Design department offers tips for costumes that scream creativity

Student Christy Tolevski gets to work on a do-it-yourself witch costume. For students on a budget, DIY outfits are a go-to and the materials could be right in your own closet.

Adora Mack

Student Christy Tolevski gets to work on a do-it-yourself witch costume. For students on a budget, DIY outfits are a go-to and the materials could be right in your own closet.

When Halloween comes around, dressing up is a given, and finding the perfect costume becomes your life’s goal (at least for a short while).

But where exactly does one begin this grand costume hunt?

Of course, you can hit up stores like Party City or Spirit and buy that little red devil outfit that costs $20, running the risk of having the same outfit as every other broke college student.

Or go ahead, buy the platinum blond wig, black leotard and oversized shades and rock your rendition of Lady Gaga’s “Bad Romance” — but that’s so 2009, and who wants to look like a replica?

Why not spice it up and create something completely your own?

Constructing the perfect do-it-yourself costume can be a bit of a challenge, especially if you have no idea what you want to dress as, or haven’t tapped into your creative side yet.  Luckily, some of Buffalo State’s own have provided some advice to get you moving on your DIY Halloween venture, or to simply have fun dressing up for the day.

“Don’t just buy a Halloween outfit – it looks as though you have no imagination,” Lynn Boorady, chair and associate professor of fashion and textile technology, said. “Put a little thought into your outfit and realize that sometimes the simplest idea can also be the best.”

According to Boorady, it’s never cliché to wear black and orange in October (besides, they are our school’s colors). But you may want to jazz it up by wearing an orange plaid scarf with a black outfit — you can look fashionable while still honoring Halloween tradition.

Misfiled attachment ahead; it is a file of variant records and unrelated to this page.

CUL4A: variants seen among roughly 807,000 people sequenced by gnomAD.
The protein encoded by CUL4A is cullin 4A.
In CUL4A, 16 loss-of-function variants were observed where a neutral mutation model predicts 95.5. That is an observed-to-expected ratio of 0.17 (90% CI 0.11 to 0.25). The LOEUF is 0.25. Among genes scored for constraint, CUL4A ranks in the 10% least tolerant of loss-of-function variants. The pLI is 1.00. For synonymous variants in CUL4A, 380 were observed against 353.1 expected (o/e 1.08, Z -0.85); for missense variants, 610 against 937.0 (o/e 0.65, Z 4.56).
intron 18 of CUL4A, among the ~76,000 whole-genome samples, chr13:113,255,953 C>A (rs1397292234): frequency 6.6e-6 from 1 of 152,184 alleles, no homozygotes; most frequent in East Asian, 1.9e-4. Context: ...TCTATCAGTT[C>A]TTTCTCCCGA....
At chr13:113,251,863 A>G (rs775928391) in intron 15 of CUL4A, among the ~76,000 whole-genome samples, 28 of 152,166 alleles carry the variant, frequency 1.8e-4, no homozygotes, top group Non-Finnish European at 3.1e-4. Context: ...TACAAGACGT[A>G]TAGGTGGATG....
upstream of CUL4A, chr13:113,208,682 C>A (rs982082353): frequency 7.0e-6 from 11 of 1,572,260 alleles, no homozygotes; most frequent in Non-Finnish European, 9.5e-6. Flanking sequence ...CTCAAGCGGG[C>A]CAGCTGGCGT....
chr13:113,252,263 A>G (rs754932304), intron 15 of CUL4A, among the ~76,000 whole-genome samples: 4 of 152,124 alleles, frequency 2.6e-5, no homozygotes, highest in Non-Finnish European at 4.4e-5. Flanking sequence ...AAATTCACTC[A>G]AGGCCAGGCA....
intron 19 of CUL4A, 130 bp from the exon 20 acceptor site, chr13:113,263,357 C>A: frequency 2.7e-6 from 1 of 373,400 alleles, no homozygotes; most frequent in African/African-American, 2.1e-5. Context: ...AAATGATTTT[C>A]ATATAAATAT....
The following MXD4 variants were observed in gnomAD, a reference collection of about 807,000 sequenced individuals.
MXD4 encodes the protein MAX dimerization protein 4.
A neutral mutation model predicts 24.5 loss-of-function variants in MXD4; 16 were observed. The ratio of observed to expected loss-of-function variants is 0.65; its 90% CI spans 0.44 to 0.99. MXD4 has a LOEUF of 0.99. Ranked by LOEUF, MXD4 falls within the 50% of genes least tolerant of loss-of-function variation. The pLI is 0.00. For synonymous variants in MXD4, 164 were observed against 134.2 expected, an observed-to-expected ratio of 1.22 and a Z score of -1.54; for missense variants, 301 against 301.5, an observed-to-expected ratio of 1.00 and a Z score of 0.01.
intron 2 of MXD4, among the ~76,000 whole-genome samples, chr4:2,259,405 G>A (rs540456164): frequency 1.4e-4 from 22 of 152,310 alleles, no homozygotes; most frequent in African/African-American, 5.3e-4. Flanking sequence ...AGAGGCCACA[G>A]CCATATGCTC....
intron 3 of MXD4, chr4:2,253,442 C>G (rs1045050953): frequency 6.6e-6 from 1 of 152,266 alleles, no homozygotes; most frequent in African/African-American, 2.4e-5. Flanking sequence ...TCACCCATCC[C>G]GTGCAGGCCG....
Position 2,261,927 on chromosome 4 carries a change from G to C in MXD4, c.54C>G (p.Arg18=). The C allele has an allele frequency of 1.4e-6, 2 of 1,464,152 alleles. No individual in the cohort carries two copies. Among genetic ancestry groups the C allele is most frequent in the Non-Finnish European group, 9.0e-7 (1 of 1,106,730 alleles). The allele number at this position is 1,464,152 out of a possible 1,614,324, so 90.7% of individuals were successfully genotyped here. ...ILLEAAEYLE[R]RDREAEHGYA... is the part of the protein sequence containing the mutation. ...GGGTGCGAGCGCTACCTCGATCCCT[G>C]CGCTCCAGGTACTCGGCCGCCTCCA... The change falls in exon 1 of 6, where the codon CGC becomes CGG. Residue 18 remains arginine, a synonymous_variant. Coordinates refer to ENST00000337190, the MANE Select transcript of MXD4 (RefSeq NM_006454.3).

For the person who wants to keep it discreet, “A black base for the outfit with a pop of something orange says, ‘I’m not dressing up, but I know it is Halloween,’” she said.

College students’ budgets limit their costume purchases, so it’s all right to keep it simple. Instead, work with what you’ve already got.

“I would recommend looking at your wardrobe first to see what you have for the makings of a costume,” Boorady said, suggesting an old prom dress for a Hollywood starlet costume, a cat costume out of black pants and a shirt, or even hitting up a thrift or variety store to piece together a 70s or 80s-era outfit. She also said you can take almost any outfit and, with a bit of makeup, instantly create a zombie.

Jorg Schnier, chair and associate professor of the design department, says to go for the highest quality of materials. In other words, if you decide to sew your own costume, buy quality material so you can actually get some wear from it and use it more than once.

It’s neither ethical nor economic in the long run to purchase cheap environmentally harmful stuff,” he said. The ever changing design fashion is absolutely ridiculous, and will only make objects go out of style faster.”

So do not get caught up in the idea of having to buy something exclusive for whatever piece you may be working on. Since you are making the investment, get something that will be fashionably functional for years to come.

Ultimately, the main idea of DIY costumes is to be creative with whatever idea you have. It may not be a completely new character, but the fact that you’ve put it together with your own items and fashion flair makes it unique and fun.

Ann Emo, a costume designer for the theater department, thinks making people do a double-take as they walk by is always fun. One way to do that is face paint — whether it’s a few whiskers on your cheeks or the entire face.

“I usually use regular acrylic paint rather than face paint, but you can use something from a party store,” Emo said. “I would recommend going to DC Theatricks or George and Co., and use it sparingly.”

If all else fails, use Erica Fire, the theater department’s costume shop manager, as inspiration.

“This year I plan to go to the USG “Rocky Horror Picture Show” in the Union,” she said. “If I dress up, it will involve the corset I made as a class project when I was in college, combined with clothes left over from my goth years, and funky tights.  Instant costume.”

It doesn’t take much to ignite that creative spark — just take your time and you will easily come up with an original and unique costume for Halloween.

“Use your imagination,” Emo said. “It is much more fun to be a ghost than the latest character that you can buy at a party store.”

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